The First Few Hours

We've all heard it before, these common complaints: Games are terrible at storytelling. Modern games take way too long to get going. Why am I forced to sit through this cutscene again?

Many narrative-driven games are having an identity crisis. Are they a game first or a story first? That's a topic that can be discussed ad nauseum. But I'd like to talk about a facet I think is really central to this identity crisis: a game's first few hours.

The importance of a game's first few hours cannot be understated. For many games, their first twenty minutes make or break a player's interest. A game must prove many things in a very short period of time: what it's about, why it's fun, what the player does, all the while simultaneously teaching the player how to play it. That's a tall order. It makes sense some games only take one of these things and drive it home, hoping it's enough to keep players engaged.

There are two distinct techniques for introducing a game: a gameplay-first approach and story-first approach. In the gameplay-first approach, games throw the player directly into the action, explaining the story (if any) later. They bank on capturing the player's attention with mechanics to keep them engaged. Games with strong gameplay take this approach frequently, and for good reason. The alternate to this is a story-first approach. The goal here is to sweep the player up in the game's story and make entice them to discover more.

Both of these are completely valid, and when executed well, work. Super Mario 64 is a fantastic example of gameplay-first. The player can move almost immediately, and has free access to their entire moveset from the onset of the game. From the first minute, a player can start experimenting with platforming mechanics and get excited for the opportunity to use them. On the other hand, a great example of story-first is Metal Gear Solid 2. It starts with a swift opening cinematic beginning in media res, quickly setting up the story, characters and goals with just enough information for the player to go on while leaving enough out for the player to seek more. And then it quickly jumps into gameplay. It's important to note MGS2 sets up the characters and their motivations immediately.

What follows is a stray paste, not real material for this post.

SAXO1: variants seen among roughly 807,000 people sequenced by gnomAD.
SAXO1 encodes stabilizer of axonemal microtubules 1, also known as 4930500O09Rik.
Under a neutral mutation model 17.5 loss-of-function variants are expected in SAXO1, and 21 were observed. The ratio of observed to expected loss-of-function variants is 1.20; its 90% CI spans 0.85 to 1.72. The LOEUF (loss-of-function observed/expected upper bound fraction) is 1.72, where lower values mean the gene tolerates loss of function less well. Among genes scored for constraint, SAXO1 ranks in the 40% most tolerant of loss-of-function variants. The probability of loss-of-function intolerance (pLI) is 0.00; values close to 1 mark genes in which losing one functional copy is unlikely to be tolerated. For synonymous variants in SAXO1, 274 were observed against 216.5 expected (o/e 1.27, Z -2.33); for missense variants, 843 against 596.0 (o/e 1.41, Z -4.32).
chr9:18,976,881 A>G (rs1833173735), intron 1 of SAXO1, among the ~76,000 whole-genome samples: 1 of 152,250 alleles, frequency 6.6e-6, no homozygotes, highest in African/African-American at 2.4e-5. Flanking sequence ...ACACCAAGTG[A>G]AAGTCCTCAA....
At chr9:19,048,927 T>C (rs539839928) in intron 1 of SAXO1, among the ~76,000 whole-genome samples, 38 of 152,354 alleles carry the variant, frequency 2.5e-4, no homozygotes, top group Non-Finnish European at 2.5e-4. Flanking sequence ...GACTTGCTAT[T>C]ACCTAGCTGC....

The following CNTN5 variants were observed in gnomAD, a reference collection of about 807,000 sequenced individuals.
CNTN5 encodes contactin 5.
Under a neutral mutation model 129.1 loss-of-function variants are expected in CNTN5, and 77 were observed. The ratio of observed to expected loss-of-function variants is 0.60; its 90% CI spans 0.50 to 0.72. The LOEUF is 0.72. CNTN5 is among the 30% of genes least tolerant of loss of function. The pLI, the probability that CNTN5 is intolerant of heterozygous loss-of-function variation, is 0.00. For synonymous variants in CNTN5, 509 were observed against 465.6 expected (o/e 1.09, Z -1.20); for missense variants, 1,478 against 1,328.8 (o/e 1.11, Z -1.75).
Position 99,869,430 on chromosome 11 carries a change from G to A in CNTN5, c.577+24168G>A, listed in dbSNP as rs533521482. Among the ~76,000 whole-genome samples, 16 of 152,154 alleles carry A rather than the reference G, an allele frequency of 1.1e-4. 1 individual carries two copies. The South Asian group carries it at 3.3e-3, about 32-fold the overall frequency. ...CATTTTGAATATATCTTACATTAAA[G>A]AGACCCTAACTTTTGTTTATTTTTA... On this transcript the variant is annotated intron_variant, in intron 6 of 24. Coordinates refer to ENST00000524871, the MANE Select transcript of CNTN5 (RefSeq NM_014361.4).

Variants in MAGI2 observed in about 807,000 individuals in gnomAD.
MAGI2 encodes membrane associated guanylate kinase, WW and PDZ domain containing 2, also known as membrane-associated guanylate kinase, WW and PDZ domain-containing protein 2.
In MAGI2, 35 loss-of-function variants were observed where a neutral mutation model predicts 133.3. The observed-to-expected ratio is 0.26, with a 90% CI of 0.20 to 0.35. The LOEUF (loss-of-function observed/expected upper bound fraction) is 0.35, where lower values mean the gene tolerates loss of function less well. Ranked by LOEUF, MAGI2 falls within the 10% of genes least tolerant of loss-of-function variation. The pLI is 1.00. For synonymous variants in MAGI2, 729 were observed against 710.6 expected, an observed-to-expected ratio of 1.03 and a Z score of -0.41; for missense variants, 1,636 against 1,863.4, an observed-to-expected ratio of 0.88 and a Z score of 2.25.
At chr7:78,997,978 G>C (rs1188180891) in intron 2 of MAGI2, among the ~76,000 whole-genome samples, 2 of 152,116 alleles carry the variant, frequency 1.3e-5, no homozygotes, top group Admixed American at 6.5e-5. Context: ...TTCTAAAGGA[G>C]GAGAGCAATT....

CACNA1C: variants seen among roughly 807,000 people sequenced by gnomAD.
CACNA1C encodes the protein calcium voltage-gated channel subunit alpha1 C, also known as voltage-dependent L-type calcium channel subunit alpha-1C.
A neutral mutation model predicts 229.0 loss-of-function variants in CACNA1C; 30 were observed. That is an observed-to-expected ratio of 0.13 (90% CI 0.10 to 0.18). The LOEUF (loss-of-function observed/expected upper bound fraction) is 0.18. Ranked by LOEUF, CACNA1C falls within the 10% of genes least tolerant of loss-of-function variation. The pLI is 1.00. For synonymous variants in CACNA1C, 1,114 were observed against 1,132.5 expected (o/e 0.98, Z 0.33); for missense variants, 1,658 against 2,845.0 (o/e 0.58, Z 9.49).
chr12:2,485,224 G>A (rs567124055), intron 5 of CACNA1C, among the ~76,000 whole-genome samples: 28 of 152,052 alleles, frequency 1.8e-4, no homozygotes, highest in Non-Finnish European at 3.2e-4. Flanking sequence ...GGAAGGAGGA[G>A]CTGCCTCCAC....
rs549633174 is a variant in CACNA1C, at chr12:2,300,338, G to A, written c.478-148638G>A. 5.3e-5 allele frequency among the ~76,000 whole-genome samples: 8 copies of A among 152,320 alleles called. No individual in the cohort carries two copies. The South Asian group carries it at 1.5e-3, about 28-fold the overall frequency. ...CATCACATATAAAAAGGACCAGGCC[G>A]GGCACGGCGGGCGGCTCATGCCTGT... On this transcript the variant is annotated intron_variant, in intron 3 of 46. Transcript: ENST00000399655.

Both of these work so well because they commit to their techniques, execute flawlessly, and then get right into the game. Notice in both of these examples, the game is introduced and doesn't really start until the introduction is over. In Mario, you are free to experiment with gameplay, but you don't really do anything until you reach your first actual level. With MGS2, you are watching an intro cutscene to get things going. The game officially starts after that cutscene ends.

And I think that's the key here: commit to the introduction, really sell what the game is about, and then get right into the game. Players want to feel agency as soon as possible. They also want to get excited for the story as soon as possible.

So where do games frequently fail? The biggest, most egregious way is opening cutscene exposition dumps. We've all seen these. You start up the game, a 10-minute cutscene plays explaining the world and circumstances around it. There's frequently no plot here, just lore, or backstory. Some games can get away with this on charm alone (Zelda is a clear candidate, but even that uses fairy tales and folklore tropes to tell the backstory), but most fall flat. After the exposition dump, we're treated to gameplay. However, if the story is big enough, or integral enough, we frequently are bombarded with even more exposition dump. But what purpose does this serve? It sets up the story so that there can be purpose for the main characters actions and also primes the plot to create the central conflict. RPGs are fond of this technique, because it's an easy way to set up the context of the story while still retaining some semblance of gameplay.

If film can teach us anything it's that we can interest players with even the most small taste of a larger plot. We don't have to divulge all aspects of the plot or the world or the existing conflicts, we can introduce those more naturally and at a pace the player can keep up with. A major lesson we can learn from film is that the audiences doesn't care about story nearly as much as they care about the characters. Introducing characters and their relationships with each other and the world around them is much, much more compelling than introducing a grand backstory for the world. After all, why should I, the player, care about a world where I don't know or care about any of the people living in it?

It seems that frequently, in order to strike a balance between storytelling and gameplay, many games sacrifice them both for one another. They quickly dump exposition to set things up, jump to some gameplay, then jump back to exposition. For a gamer who has little patience, this is a jarring move, leaving them required to have faith that the game will pick up: that the story will suddenly get interesting, or that the gameplay will suddenly become more engaging. This, after all, is because sacrifices were made to both in order to have the two exist. I think the better strategy is commit to their strategy for capturing the player's attention and knock it out of the park.